Editing novels in a series
Authors often write novels in a series, and this poses a special problem for developmental editors. One of our jobs is to make sure a novel has internal consistency – what we might call being in charge of continuity. If Jeremy is bald in Chapter 2 he should be bald in Chapter 5 as well, unless a hairpiece has been introduced. As a developmental editor, you need to point out these discrepancies and advise the author to address them.
It is common to find many of these continuity errors as novel manuscripts are written over the course of many weeks or months (sometimes years) and through numerous drafts. Maybe in Draft 1, Valeria is a yoga teacher but by Draft 3, she has turned into an accountant. But there may be some echoes of her earlier incarnation in Draft 3, including references to students or classes that will be baffling to readers who know Valerie only as an accountant.
Authors need us to back them up on this; it is very difficult to catch everything when you’re the author. I just proofread the final draft of an urban fantasy ms I wrote and have read with care at least five times and I just noticed that the protagonist performs an act of magic in Chapter 10 that is explicitly described in Chapter 3 as not possible. I will be sending the ms to a developmental editor (even developmental editors need developmental editors) but this is an example of how continuity errors can escape even experienced authors. We’re juggling a lot in the process of writing novels.
So, it’s hard enough to keep track of what’s happening in one novel of 80,000 words. Multiply that difficulty by a factor of ten if you’re also keeping track of what’s happening across three or five or seven novels in a series.
The series bible is a great way to help ensure that you spot continuity problems. A series bible is basically the repository of information about a series:
- book titles
- key characters with brief character sketches
- family tree/relationships of characters
- map even if not included in books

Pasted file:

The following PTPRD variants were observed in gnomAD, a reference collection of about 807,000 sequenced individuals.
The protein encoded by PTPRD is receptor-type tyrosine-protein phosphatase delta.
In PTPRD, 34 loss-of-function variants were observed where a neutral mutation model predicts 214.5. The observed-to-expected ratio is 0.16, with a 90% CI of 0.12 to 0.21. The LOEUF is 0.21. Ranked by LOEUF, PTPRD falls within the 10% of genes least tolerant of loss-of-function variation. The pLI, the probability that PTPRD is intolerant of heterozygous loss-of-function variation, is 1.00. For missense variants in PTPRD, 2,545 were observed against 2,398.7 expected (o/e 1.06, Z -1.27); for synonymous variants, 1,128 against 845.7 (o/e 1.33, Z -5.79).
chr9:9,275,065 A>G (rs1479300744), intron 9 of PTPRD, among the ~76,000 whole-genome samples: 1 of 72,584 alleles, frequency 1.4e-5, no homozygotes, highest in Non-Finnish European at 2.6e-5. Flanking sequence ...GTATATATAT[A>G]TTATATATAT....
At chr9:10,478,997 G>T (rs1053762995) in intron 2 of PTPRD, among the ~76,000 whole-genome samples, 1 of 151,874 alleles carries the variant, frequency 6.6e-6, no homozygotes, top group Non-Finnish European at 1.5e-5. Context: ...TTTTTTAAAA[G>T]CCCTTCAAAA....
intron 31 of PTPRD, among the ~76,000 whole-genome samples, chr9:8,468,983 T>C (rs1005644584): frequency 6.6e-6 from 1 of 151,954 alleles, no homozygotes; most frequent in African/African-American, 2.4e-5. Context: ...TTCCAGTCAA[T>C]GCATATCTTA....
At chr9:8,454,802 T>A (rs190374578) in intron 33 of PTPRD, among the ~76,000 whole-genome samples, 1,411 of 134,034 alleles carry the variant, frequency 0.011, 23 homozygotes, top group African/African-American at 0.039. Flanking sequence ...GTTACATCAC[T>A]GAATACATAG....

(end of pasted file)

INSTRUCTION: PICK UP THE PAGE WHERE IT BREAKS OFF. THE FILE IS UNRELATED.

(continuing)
- book arc for each book
- series arc
One challenge is that authors often fail to update the series bible (if they even have one) to reflect the final version of their manuscripts and often they leave out important information.
When I’m working with an author on a novel in a series, I always cover these key issues before I finalize my project quote:
- I review the series bible. I make sure it includes all the information I will need to edit the ms. If it doesn’t, I let the author know what information I will need. If the author doesn’t want to go to this trouble, then “create a series bible” becomes a line item in the project quote.
- If the author doesn’t have a series bible at all, I include “create a series bible” in my project quote. If the author doesn’t want to pay me to do this, I will wait to book the edit until they’ve created one (then I review it before booking the edit).
- If the author doesn’t have a series bible, doesn’t want to create one, and doesn’t want to pay me to create one, I consider whether I want to take on this client under the circumstances (as it will be difficult for me to provide a good edit). If I decide to go forward, I’m very careful to point out that I can’t promise to notice any continuity problems.
- If I haven’t read the previous novels in the series, I will discuss this with the author. Typically I will want to read at least a few of the novels in the series, but this takes time and I expect to be compensated. That goes into the project quote. If the author doesn’t want to pay for this, then (depending on the client) I may agree to read the current ms as a reader new to the series, which allows me to point out areas where the backstory isn’t clear or I don’t understand motivations, etc., that were provided in a previous installment in the series—but, again, I emphasize that I can’t promise to notice any continuity errors.
- Editing a novel in a series is more complex than editing a standalone novel. I will need to take a continuity pass in addition to my regular “look for dev problems” work. This goes into the project quote.
If you’re interested in editing novels in a series, check out my new class, starting February 27, 2023.
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